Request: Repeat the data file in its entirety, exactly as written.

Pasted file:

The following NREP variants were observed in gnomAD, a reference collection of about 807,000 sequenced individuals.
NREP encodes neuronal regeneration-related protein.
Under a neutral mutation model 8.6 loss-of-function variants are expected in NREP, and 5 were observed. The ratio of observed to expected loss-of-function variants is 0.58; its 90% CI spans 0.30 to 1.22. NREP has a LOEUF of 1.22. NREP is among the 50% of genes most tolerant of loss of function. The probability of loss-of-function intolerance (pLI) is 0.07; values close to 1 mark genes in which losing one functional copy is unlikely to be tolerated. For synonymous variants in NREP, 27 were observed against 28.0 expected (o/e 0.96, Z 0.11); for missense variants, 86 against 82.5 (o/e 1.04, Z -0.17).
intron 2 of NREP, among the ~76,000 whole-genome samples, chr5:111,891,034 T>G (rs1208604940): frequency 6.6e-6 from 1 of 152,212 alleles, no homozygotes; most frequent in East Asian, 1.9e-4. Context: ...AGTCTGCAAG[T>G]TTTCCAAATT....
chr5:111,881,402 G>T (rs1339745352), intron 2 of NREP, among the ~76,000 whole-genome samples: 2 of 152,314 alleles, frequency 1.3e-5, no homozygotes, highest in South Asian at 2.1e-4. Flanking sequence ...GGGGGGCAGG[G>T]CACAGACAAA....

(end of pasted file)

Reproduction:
The following NREP variants were observed in gnomAD, a reference collection of about 807,000 sequenced individuals.
NREP encodes neuronal regeneration-related protein.
Under a neutral mutation model 8.6 loss-of-function variants are expected in NREP, and 5 were observed. The ratio of observed to expected loss-of-function variants is 0.58; its 90% CI spans 0.30 to 1.22. NREP has a LOEUF of 1.22. NREP is among the 50% of genes most tolerant of loss of function. The probability of loss-of-function intolerance (pLI) is 0.07; values close to 1 mark genes in which losing one functional copy is unlikely to be tolerated. For synonymous variants in NREP, 27 were observed against 28.0 expected (o/e 0.96, Z 0.11); for missense variants, 86 against 82.5 (o/e 1.04, Z -0.17).
intron 2 of NREP, among the ~76,000 whole-genome samples, chr5:111,891,034 T>G (rs1208604940): frequency 6.6e-6 from 1 of 152,212 alleles, no homozygotes; most frequent in East Asian, 1.9e-4. Context: ...AGTCTGCAAG[T>G]TTTCCAAATT....
chr5:111,881,402 G>T (rs1339745352), intron 2 of NREP, among the ~76,000 whole-genome samples: 2 of 152,314 alleles, frequency 1.3e-5, no homozygotes, highest in South Asian at 2.1e-4. Flanking sequence ...GGGGGGCAGG[G>T]CACAGACAAA....